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Dont Write Cape Town Off Yet 02/05/03
Reader Gareth Mann, responding to SAsoccer365 columnist Alan Tyers' article regarding the chaos at the Athlone Stadium on Wednesday night, says that while some valid points are raised, South Africa's chances of hosting an incident-free World Cup shouldn't be written off just yet.

I read Alan Tyers article about the match between Bafana Bafana and Jamaica with a great deal of interest.

Many of the points he raised are (unfortunately) extremely relevant. However, I don't think that he's justified in writing off the South African World Cup bid on the basis of this one incident.

Firstly, I should point out that international football is a rarity in Cape Town. Since South Africa re-emerged onto the international scene in 1991, only two games (both friendlies) have been played in Cape Town.

One was on Wednesday night. The other, as I recall, was against Saudi Arabia and was played at Newlands rugby stadium. So local experience of hosting internationals is limited.

While there is a lot of interest in football in Cape Town, most people are ambivalent about the local teams.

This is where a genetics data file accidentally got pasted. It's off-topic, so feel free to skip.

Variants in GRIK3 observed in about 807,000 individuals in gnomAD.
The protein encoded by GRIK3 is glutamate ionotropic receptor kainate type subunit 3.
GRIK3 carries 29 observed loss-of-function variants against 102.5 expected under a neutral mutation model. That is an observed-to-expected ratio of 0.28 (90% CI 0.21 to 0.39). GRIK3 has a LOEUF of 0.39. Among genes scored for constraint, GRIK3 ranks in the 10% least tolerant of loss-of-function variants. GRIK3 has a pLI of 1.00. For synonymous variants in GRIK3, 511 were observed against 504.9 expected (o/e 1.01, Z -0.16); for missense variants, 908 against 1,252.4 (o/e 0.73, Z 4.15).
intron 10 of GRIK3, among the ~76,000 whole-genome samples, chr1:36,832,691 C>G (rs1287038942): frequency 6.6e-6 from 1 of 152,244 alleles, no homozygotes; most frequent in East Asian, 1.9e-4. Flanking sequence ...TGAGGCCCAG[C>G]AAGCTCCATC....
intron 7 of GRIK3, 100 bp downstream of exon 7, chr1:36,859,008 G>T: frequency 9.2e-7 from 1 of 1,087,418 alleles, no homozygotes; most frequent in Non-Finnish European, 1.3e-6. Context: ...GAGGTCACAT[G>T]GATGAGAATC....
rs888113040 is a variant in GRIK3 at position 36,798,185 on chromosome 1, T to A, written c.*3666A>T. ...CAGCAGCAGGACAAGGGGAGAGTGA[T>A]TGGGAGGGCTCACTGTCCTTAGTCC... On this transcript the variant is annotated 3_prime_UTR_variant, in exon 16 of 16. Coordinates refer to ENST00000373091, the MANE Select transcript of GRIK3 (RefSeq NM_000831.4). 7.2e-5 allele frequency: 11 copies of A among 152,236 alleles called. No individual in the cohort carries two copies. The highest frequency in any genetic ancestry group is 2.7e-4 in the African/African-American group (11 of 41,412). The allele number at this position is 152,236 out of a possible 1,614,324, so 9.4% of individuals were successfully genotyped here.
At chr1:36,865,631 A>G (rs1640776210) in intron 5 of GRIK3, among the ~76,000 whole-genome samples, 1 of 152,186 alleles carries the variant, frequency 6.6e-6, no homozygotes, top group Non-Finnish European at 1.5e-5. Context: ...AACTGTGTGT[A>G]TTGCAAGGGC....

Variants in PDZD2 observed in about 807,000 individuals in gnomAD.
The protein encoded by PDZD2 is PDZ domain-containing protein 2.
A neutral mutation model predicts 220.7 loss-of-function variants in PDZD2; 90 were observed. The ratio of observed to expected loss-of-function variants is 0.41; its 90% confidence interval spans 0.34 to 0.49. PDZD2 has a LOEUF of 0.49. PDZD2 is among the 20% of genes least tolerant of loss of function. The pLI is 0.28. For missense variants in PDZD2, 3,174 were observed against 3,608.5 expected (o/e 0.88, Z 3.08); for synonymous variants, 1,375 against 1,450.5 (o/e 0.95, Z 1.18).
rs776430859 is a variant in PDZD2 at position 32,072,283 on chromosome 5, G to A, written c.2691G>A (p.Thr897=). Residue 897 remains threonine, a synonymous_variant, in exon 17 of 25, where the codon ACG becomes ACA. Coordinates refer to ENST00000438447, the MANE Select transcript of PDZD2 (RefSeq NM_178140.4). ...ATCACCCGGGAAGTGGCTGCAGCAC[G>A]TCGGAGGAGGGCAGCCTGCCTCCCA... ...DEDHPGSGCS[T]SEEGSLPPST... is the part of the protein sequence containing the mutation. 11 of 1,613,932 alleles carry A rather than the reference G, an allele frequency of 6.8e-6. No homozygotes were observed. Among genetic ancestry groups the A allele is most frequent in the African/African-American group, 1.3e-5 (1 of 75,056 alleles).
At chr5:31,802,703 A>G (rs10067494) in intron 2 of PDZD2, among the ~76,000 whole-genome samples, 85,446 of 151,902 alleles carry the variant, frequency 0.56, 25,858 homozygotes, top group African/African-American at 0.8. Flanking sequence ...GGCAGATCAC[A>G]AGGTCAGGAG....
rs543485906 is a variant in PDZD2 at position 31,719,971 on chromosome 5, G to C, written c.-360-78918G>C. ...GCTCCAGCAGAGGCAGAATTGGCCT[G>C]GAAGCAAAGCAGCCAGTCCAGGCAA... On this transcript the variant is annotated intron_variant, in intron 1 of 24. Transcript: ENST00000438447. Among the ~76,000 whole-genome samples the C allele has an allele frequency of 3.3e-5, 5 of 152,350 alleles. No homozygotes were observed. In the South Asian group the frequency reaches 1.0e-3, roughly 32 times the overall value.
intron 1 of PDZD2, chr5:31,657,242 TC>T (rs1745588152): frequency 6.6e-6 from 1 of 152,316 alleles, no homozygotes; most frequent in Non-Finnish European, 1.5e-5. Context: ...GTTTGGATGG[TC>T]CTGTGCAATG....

If you ask any Cape Town football fan which club he supports, chances are that it'll be either Manchester United or Liverpool. The local teams are lucky if they get a couple of hundred people at their games.

It's quite possible that Wednesday night was the first occasion that Athlone Stadium has ever had a capacity crowd. Although the inefficiencies in managing entry to the ground, etc. are clearly inexcusable, this does suggest why staff were seemingly unprepared for the amount of people who showed up.

As a Cape Town resident, I'm proud of the fact that there was such a good attendance to watch a SA team (missing many of their high-profile players) play against a team of unknowns like Jamaica.

Yes, local soccer management is in a shambles. Yes, the local league seems to be run with the exclusive interests of the big Johannesburg-based clubs at heart. But there is still hope.

It is likely that any World Cup games played in Cape Town would be played at the much larger Newlands rugby stadium, which holds about 50 000, and where security and organisational arrangements are much better.

Hosting the World Cup would force South African football authorities to raise their game, and this would hopefully result in a more orderly and better supported local league.

South Africa managed to overcome decades of hatred and oppression in a peaceful manner which many other countries have tried (and failed) to emulate.

It is foolish to suggest that the hosting of a sporting event, even one as large as the World Cup, is beyond this countrys capabilities.

Yours sincerely

Gareth Mann


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